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The Saloon of Surat.
. (Translation from Greek.)
In the city of Sourat in India, one?
there was a saloon where many trav
elers and strangers were accustomei
to assemble and debate.
One day a Persian theologian call
ed at that saloon; he was a man wh<
had given all his life to the study o:
nature,, theology, reading and th?
writing of books on these subjects
He had studied, read and written s<
much about God, that he lost his rea
son. His mind became confused en
tirely, and he even ceased to believi
in God's existence.
The shah being informed of this
sent him out of Persia in exile.
After he had studied all his life
about the "First Cause," this.pooi
theologian, without being consciou:
of having lost his reason, reached thc
extreme of believing that there is nc
superior ruling the universe.
This man had with him an Africar
slave who followed him everywhere
he went. After the theologian enter
ed the saloon, the slave remained out
side. He sat near the door, upon a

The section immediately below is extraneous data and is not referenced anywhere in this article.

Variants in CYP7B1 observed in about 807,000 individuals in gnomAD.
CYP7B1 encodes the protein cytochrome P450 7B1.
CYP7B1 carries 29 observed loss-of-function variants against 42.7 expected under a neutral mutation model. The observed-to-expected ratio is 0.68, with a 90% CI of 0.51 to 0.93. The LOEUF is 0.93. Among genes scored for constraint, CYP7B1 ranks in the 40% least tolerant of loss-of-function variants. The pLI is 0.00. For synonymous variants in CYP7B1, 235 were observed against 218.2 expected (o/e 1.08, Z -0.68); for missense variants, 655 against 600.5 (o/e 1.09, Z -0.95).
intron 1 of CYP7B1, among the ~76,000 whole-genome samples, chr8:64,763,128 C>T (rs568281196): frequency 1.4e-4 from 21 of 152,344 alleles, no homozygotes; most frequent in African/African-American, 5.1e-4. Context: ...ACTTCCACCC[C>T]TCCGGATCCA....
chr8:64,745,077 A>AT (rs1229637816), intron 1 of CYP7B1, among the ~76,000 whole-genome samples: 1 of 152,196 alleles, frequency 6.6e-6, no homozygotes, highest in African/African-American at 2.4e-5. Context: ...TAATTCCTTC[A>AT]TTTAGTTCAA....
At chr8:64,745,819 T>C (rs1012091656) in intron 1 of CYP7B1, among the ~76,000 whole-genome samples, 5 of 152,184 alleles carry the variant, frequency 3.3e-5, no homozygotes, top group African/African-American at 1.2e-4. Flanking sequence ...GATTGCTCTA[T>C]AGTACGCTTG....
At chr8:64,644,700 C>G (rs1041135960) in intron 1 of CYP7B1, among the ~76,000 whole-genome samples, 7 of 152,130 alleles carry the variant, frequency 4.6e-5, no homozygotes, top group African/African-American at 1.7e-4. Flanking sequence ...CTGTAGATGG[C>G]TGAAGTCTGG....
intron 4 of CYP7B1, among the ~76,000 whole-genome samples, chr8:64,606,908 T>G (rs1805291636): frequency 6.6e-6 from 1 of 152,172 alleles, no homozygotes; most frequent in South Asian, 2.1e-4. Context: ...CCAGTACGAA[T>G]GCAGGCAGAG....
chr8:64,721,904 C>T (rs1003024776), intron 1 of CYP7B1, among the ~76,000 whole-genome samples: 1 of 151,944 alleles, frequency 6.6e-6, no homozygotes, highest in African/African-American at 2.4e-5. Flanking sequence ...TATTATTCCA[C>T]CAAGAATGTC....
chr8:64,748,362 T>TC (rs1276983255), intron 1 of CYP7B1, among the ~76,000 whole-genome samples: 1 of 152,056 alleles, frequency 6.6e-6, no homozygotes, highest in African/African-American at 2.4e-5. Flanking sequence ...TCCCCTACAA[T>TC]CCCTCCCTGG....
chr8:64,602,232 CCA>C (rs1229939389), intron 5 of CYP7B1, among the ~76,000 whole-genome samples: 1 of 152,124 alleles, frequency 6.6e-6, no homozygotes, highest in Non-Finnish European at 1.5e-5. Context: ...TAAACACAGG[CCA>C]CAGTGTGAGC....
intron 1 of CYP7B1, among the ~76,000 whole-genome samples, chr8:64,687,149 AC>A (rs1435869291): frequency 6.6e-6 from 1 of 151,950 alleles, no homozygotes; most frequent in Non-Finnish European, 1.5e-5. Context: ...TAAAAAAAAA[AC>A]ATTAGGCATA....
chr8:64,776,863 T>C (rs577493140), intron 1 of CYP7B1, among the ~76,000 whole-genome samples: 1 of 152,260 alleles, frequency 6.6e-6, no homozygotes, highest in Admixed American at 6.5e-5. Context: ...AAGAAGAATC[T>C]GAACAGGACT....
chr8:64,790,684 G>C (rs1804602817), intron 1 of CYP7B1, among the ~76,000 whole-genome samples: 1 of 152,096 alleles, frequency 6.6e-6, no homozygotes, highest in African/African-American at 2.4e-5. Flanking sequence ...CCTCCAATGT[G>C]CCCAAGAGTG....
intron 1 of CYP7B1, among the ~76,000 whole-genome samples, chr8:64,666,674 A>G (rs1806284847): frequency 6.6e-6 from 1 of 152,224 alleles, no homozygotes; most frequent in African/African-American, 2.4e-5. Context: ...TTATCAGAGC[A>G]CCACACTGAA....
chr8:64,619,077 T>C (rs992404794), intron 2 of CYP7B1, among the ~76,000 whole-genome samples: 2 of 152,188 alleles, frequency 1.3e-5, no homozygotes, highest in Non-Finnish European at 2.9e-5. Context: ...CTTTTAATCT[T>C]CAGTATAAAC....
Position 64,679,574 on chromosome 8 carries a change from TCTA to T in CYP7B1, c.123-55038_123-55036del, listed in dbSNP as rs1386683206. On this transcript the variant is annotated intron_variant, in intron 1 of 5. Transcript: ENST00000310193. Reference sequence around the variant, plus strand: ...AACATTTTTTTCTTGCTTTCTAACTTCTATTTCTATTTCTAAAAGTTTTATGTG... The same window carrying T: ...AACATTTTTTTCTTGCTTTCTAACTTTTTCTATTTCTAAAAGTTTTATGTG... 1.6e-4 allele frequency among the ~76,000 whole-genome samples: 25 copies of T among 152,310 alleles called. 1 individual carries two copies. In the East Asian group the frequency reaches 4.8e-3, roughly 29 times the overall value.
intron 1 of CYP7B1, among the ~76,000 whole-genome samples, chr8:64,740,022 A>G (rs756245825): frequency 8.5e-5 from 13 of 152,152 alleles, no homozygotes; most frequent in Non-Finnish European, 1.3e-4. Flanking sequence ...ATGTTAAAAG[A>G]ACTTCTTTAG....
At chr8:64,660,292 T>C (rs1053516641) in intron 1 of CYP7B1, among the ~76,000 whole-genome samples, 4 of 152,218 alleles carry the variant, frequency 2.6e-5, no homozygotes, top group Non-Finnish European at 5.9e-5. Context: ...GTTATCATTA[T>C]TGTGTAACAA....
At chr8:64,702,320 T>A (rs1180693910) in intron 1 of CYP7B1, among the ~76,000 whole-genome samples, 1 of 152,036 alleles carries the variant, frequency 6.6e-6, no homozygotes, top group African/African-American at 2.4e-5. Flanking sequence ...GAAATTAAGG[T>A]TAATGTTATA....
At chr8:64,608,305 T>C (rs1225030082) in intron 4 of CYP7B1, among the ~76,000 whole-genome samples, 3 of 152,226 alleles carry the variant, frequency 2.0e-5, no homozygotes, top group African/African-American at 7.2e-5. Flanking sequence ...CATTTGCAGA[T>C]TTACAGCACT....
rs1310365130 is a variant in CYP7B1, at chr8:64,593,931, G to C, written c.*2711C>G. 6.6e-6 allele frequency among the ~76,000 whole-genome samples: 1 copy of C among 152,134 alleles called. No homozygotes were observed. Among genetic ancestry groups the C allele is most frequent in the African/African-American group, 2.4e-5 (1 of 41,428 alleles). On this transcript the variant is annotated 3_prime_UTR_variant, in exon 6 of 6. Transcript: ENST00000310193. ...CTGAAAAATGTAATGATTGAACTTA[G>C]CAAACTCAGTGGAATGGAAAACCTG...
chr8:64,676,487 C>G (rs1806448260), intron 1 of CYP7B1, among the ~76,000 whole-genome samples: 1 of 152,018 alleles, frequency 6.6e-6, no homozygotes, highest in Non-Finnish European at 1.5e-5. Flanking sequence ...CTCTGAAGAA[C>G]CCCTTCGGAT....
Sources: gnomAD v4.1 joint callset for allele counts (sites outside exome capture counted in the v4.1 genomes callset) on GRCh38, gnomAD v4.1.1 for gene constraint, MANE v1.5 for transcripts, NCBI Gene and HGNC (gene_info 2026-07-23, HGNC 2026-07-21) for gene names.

huge rock, und?r the shining sun
'chasing the flies which were buzzing
After he had settled himself upon
a bench in the saloon, the Persian or
dered a cup of opium. He had drunk
the opium and it began to hasten the
functioning of his mind, and turning
to the slave he spoke to him, through
the open door. "Tell me, poor slave,
do you believe that God exists 01
"Certainly he does exist," answer
ed the slave and immediately pulled
from under his belt a small wooden
idol. "Here!" he said, "This is thc
.God who has preserved me since the
day of my birth. All the people of
my country worship the holly tree
from which this God is made." This
conversation between the theologian
nad the slave was heard with aston
ishment by the patrons of the saloon.
They wondered at the Master's ques
tion, and much more at the answer
that the slave gave him. One of them
a Brahman, hearing the slave's talk,
turned toward him and said "Silly
and Blind! Is it possible that you be
lieve that God can be carried under
a man's belt? Only one God exists,
Brahma, and he is the greatest in the
world for he created it. Brahma, the
only one, the Almighty God and to
his honor churches have been built
and the banks of the Ganges river,
where his faithful priests, the Brah
mans worship him. They are the only
ones whojmow the tr?e gods. Aft ex
many thousand years, and through
many revolutions and wars, those
priests have preserved their spiritual
power, because Brahma, the only
God, protected them._
Thus spoke the Brahman, thinking
to convince every one. But one, a
Jew broker, who was with the other
patrons, answered him saying "Nay,
the church of the true God is not in